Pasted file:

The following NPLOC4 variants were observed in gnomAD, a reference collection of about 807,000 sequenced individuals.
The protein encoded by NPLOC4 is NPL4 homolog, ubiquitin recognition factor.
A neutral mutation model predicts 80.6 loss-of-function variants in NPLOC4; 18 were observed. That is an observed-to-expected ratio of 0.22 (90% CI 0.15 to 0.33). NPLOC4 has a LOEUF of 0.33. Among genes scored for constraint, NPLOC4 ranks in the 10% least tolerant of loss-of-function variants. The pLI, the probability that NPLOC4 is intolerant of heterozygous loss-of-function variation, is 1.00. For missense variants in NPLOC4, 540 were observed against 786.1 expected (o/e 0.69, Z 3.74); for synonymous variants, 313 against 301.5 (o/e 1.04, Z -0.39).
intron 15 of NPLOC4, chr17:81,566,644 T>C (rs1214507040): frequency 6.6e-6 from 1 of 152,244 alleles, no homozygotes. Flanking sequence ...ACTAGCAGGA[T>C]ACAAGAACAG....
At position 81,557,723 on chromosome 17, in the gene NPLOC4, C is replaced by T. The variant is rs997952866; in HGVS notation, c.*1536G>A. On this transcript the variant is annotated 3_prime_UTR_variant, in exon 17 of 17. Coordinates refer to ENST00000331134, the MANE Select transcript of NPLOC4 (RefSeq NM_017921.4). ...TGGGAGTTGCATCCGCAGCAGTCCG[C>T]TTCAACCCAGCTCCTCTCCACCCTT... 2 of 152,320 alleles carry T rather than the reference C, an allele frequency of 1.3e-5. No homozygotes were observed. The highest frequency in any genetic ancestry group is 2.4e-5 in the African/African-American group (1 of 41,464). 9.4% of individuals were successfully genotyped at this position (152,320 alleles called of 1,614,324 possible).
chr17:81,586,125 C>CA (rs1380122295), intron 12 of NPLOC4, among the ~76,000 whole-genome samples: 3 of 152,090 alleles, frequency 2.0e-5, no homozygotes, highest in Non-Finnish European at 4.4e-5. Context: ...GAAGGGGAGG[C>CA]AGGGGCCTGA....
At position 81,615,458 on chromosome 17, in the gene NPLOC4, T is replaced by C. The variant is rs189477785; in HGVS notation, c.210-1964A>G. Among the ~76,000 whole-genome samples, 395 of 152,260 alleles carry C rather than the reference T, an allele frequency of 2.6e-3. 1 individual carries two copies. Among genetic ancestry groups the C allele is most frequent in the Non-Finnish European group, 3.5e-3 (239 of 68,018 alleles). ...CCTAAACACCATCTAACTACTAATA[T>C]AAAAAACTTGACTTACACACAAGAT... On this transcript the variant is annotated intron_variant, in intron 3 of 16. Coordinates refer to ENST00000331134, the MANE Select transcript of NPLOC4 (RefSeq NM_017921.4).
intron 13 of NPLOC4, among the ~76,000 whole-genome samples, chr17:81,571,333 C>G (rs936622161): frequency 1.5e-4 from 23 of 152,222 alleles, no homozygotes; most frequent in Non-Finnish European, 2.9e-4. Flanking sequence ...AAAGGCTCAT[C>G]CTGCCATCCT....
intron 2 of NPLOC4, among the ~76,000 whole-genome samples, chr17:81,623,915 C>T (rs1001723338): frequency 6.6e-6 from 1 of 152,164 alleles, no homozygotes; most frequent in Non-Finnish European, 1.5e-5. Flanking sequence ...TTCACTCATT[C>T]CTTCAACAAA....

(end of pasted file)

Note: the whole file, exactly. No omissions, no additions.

The following NPLOC4 variants were observed in gnomAD, a reference collection of about 807,000 sequenced individuals.
The protein encoded by NPLOC4 is NPL4 homolog, ubiquitin recognition factor.
A neutral mutation model predicts 80.6 loss-of-function variants in NPLOC4; 18 were observed. That is an observed-to-expected ratio of 0.22 (90% CI 0.15 to 0.33). NPLOC4 has a LOEUF of 0.33. Among genes scored for constraint, NPLOC4 ranks in the 10% least tolerant of loss-of-function variants. The pLI, the probability that NPLOC4 is intolerant of heterozygous loss-of-function variation, is 1.00. For missense variants in NPLOC4, 540 were observed against 786.1 expected (o/e 0.69, Z 3.74); for synonymous variants, 313 against 301.5 (o/e 1.04, Z -0.39).
intron 15 of NPLOC4, chr17:81,566,644 T>C (rs1214507040): frequency 6.6e-6 from 1 of 152,244 alleles, no homozygotes. Flanking sequence ...ACTAGCAGGA[T>C]ACAAGAACAG....
At position 81,557,723 on chromosome 17, in the gene NPLOC4, C is replaced by T. The variant is rs997952866; in HGVS notation, c.*1536G>A. On this transcript the variant is annotated 3_prime_UTR_variant, in exon 17 of 17. Coordinates refer to ENST00000331134, the MANE Select transcript of NPLOC4 (RefSeq NM_017921.4). ...TGGGAGTTGCATCCGCAGCAGTCCG[C>T]TTCAACCCAGCTCCTCTCCACCCTT... 2 of 152,320 alleles carry T rather than the reference C, an allele frequency of 1.3e-5. No homozygotes were observed. The highest frequency in any genetic ancestry group is 2.4e-5 in the African/African-American group (1 of 41,464). 9.4% of individuals were successfully genotyped at this position (152,320 alleles called of 1,614,324 possible).
chr17:81,586,125 C>CA (rs1380122295), intron 12 of NPLOC4, among the ~76,000 whole-genome samples: 3 of 152,090 alleles, frequency 2.0e-5, no homozygotes, highest in Non-Finnish European at 4.4e-5. Context: ...GAAGGGGAGG[C>CA]AGGGGCCTGA....
At position 81,615,458 on chromosome 17, in the gene NPLOC4, T is replaced by C. The variant is rs189477785; in HGVS notation, c.210-1964A>G. Among the ~76,000 whole-genome samples, 395 of 152,260 alleles carry C rather than the reference T, an allele frequency of 2.6e-3. 1 individual carries two copies. Among genetic ancestry groups the C allele is most frequent in the Non-Finnish European group, 3.5e-3 (239 of 68,018 alleles). ...CCTAAACACCATCTAACTACTAATA[T>C]AAAAAACTTGACTTACACACAAGAT... On this transcript the variant is annotated intron_variant, in intron 3 of 16. Coordinates refer to ENST00000331134, the MANE Select transcript of NPLOC4 (RefSeq NM_017921.4).
intron 13 of NPLOC4, among the ~76,000 whole-genome samples, chr17:81,571,333 C>G (rs936622161): frequency 1.5e-4 from 23 of 152,222 alleles, no homozygotes; most frequent in Non-Finnish European, 2.9e-4. Flanking sequence ...AAAGGCTCAT[C>G]CTGCCATCCT....
intron 2 of NPLOC4, among the ~76,000 whole-genome samples, chr17:81,623,915 C>T (rs1001723338): frequency 6.6e-6 from 1 of 152,164 alleles, no homozygotes; most frequent in Non-Finnish European, 1.5e-5. Flanking sequence ...TTCACTCATT[C>T]CTTCAACAAA....